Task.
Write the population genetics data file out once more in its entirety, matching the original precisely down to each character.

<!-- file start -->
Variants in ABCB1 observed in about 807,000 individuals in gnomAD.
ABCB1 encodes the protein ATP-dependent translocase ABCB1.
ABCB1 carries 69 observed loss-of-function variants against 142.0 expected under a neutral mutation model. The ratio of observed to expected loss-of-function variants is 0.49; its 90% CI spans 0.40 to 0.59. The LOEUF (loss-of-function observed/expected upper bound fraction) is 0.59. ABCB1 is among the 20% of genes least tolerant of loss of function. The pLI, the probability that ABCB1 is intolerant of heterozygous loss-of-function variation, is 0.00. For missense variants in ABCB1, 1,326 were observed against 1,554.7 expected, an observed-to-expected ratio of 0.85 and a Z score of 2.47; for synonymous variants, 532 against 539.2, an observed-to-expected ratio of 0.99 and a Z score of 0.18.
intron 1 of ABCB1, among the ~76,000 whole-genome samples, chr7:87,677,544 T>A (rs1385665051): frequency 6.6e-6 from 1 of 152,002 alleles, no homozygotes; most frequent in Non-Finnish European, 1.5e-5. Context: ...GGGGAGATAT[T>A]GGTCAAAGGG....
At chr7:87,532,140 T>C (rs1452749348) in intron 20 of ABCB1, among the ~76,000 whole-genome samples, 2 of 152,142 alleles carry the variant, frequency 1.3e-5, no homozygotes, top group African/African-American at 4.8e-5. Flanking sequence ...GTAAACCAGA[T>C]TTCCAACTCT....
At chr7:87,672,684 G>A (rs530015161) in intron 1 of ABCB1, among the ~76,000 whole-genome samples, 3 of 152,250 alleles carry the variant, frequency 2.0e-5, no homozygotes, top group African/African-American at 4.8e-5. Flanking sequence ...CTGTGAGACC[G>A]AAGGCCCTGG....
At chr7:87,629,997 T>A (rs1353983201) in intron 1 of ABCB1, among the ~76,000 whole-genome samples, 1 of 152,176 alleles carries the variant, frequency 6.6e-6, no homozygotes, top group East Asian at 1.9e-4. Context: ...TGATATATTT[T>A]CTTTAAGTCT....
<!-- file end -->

Variants in ABCB1 observed in about 807,000 individuals in gnomAD.
ABCB1 encodes the protein ATP-dependent translocase ABCB1.
ABCB1 carries 69 observed loss-of-function variants against 142.0 expected under a neutral mutation model. The ratio of observed to expected loss-of-function variants is 0.49; its 90% CI spans 0.40 to 0.59. The LOEUF (loss-of-function observed/expected upper bound fraction) is 0.59. ABCB1 is among the 20% of genes least tolerant of loss of function. The pLI, the probability that ABCB1 is intolerant of heterozygous loss-of-function variation, is 0.00. For missense variants in ABCB1, 1,326 were observed against 1,554.7 expected, an observed-to-expected ratio of 0.85 and a Z score of 2.47; for synonymous variants, 532 against 539.2, an observed-to-expected ratio of 0.99 and a Z score of 0.18.
intron 1 of ABCB1, among the ~76,000 whole-genome samples, chr7:87,677,544 T>A (rs1385665051): frequency 6.6e-6 from 1 of 152,002 alleles, no homozygotes; most frequent in Non-Finnish European, 1.5e-5. Context: ...GGGGAGATAT[T>A]GGTCAAAGGG....
At chr7:87,532,140 T>C (rs1452749348) in intron 20 of ABCB1, among the ~76,000 whole-genome samples, 2 of 152,142 alleles carry the variant, frequency 1.3e-5, no homozygotes, top group African/African-American at 4.8e-5. Flanking sequence ...GTAAACCAGA[T>C]TTCCAACTCT....
At chr7:87,672,684 G>A (rs530015161) in intron 1 of ABCB1, among the ~76,000 whole-genome samples, 3 of 152,250 alleles carry the variant, frequency 2.0e-5, no homozygotes, top group African/African-American at 4.8e-5. Flanking sequence ...CTGTGAGACC[G>A]AAGGCCCTGG....
At chr7:87,629,997 T>A (rs1353983201) in intron 1 of ABCB1, among the ~76,000 whole-genome samples, 1 of 152,176 alleles carries the variant, frequency 6.6e-6, no homozygotes, top group East Asian at 1.9e-4. Context: ...TGATATATTT[T>A]CTTTAAGTCT....